Nashville Council to Restore Ousted State Lawmaker: What You Need to Know

by Gabriel Martinez
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On Monday in Nashville, Tennessee, some officials are about to vote on bringing back one of the two Black Democratic politicians who were kicked out by their Republican counterparts because they had protested against gun violence after there was a terrible shooting at school. To put it another way, if the vote succeeds, they’ll be sending him back following a long weekend away.

The people in Nashville are holding a meeting to fill the seat that used to belong to Justin Jones. A lot of them want him back in the state house. They will have their vote while other lawmakers have their first floor sessions since they voted against Jones last week.

Additionally, Justin Pearson who was kicked out from Memphis might get a second chance at their Wednesday County Commission meeting.

In the upcoming months, two members of the House will have special elections to try and get their seats back. Jones and Pearson both want their positions again, so they’ve said they’ll participate in these elections. After that, it’s difficult to figure out how other Members of the House would respond if they returned. The Speaker of the House has shared that those running for reappointment must go through the process.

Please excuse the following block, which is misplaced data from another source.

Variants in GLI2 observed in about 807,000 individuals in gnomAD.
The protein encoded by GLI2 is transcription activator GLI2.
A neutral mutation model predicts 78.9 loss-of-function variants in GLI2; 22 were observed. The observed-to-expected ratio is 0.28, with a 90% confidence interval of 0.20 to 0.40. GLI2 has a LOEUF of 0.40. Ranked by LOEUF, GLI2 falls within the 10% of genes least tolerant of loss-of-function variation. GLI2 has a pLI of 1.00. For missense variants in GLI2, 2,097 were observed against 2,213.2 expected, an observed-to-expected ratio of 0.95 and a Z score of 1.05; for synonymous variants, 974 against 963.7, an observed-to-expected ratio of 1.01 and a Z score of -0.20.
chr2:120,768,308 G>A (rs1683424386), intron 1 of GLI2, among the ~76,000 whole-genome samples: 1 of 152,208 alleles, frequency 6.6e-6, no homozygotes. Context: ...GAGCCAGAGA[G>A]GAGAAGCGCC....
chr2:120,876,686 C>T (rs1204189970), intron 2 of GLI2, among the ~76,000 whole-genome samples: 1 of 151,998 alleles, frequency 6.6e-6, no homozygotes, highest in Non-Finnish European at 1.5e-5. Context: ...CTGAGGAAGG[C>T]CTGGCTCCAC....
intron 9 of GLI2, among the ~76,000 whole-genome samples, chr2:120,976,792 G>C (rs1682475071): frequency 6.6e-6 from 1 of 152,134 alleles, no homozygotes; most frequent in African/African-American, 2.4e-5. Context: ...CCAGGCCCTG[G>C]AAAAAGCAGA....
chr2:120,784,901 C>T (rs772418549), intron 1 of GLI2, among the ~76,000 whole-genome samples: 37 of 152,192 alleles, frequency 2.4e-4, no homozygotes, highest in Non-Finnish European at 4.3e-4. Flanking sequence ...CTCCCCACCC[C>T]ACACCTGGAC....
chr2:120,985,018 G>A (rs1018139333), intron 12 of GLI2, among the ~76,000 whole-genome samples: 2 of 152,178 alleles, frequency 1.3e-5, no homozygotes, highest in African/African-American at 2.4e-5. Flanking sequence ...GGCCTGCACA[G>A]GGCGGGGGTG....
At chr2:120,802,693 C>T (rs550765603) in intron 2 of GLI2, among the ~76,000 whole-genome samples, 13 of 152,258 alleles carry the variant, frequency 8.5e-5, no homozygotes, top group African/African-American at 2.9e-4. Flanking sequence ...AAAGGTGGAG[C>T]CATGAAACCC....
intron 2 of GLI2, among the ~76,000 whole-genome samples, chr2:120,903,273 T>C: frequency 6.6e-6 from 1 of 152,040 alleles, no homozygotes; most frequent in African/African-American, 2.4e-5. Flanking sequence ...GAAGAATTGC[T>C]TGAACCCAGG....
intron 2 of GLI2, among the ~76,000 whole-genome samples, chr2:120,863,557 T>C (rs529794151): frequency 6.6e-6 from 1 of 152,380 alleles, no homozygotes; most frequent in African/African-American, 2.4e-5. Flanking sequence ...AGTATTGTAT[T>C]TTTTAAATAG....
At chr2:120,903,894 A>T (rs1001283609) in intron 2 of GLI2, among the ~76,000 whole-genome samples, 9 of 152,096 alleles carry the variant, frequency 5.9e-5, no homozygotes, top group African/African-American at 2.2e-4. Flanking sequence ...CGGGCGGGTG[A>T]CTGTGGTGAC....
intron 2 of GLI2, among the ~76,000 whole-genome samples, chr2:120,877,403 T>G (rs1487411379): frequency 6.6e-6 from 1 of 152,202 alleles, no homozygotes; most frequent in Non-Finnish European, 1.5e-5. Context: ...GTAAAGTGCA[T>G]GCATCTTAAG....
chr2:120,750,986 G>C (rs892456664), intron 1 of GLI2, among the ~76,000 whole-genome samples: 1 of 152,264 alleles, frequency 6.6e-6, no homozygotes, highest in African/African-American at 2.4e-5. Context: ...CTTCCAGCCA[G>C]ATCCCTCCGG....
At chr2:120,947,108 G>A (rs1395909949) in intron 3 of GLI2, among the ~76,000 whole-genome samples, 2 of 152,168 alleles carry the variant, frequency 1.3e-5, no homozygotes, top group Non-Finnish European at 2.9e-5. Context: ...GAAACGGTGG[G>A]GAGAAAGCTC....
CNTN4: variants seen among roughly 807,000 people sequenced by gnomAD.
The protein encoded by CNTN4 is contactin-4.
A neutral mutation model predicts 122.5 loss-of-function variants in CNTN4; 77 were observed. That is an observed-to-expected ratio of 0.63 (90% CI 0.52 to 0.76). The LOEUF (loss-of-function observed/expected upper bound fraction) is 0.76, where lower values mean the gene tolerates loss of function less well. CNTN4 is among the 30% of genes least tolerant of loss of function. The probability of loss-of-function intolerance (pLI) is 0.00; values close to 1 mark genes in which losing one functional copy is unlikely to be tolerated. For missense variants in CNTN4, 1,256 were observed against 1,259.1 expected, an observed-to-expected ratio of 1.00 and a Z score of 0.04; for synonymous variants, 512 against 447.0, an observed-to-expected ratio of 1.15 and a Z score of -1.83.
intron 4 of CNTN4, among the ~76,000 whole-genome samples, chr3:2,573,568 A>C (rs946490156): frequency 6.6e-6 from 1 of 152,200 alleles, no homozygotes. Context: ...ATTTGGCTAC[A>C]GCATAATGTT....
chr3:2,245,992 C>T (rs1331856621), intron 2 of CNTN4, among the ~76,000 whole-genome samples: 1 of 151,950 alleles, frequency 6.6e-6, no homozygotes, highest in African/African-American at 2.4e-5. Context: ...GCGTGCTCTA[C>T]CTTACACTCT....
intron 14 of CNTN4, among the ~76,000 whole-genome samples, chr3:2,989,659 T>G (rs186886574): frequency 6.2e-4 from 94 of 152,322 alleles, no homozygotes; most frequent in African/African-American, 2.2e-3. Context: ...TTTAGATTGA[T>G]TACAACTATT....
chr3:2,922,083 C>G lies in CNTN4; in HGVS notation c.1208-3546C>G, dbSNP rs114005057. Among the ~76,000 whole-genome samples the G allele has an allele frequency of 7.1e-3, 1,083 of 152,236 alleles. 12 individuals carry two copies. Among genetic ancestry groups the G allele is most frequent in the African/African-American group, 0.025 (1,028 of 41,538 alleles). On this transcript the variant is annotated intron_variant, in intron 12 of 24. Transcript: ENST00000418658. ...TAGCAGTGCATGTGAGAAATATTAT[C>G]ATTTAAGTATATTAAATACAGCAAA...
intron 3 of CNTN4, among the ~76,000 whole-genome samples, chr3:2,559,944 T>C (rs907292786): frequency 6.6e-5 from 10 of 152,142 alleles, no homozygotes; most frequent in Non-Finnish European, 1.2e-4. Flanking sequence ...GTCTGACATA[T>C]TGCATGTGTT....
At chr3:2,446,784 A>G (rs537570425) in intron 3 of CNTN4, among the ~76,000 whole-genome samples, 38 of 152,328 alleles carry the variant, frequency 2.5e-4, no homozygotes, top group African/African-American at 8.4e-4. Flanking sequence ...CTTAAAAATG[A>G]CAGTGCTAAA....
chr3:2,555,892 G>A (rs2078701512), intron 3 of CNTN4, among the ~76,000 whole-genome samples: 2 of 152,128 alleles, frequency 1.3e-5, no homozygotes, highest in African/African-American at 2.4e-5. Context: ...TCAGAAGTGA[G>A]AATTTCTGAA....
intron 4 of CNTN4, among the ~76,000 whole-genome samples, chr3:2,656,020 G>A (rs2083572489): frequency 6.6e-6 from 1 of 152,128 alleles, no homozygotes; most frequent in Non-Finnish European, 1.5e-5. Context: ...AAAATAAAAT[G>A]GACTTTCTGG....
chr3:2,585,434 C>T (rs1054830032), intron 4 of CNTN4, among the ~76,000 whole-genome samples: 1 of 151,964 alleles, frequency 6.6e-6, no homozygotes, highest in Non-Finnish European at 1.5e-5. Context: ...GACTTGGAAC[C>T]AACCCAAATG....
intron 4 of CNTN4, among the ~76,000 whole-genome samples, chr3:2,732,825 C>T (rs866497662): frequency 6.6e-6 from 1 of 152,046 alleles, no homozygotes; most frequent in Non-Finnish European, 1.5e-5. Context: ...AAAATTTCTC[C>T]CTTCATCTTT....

Something new is happening in Tennessee. Jones and Pearson, two politicians from there, were kicked out of their jobs, causing the whole state to be part of a bigger fight about American politics. Famous people such as President Joe Biden and Vice President Kamala Harris showed their support for Jones and Pearson by talking with them and even visiting them in Nashville.

Another Democrat, Rep. Gloria Johnson from Knoxville was close to getting expelled but was saved by a single vote. The Republicans who voted in her favor gave the reason that she had less involvement in the protest compared to other Democrats—i.e., she didn’t speak on the loudspeaker or megaphone.

After a school shooting in Nashville killed six people, including children and adults working at the school, some protesting lawmakers asked Republicans to do something about gun control. Johnson suggested that it was because of their skin color that Jones and Pearson were removed but not her.

Republican party leaders said that putting a lawmaker in timeout had nothing to do with their skin color, but was necessary to stop people from causing disruptions during House meetings by protesting. This punishment has only been used a few times since the time of the Civil War.

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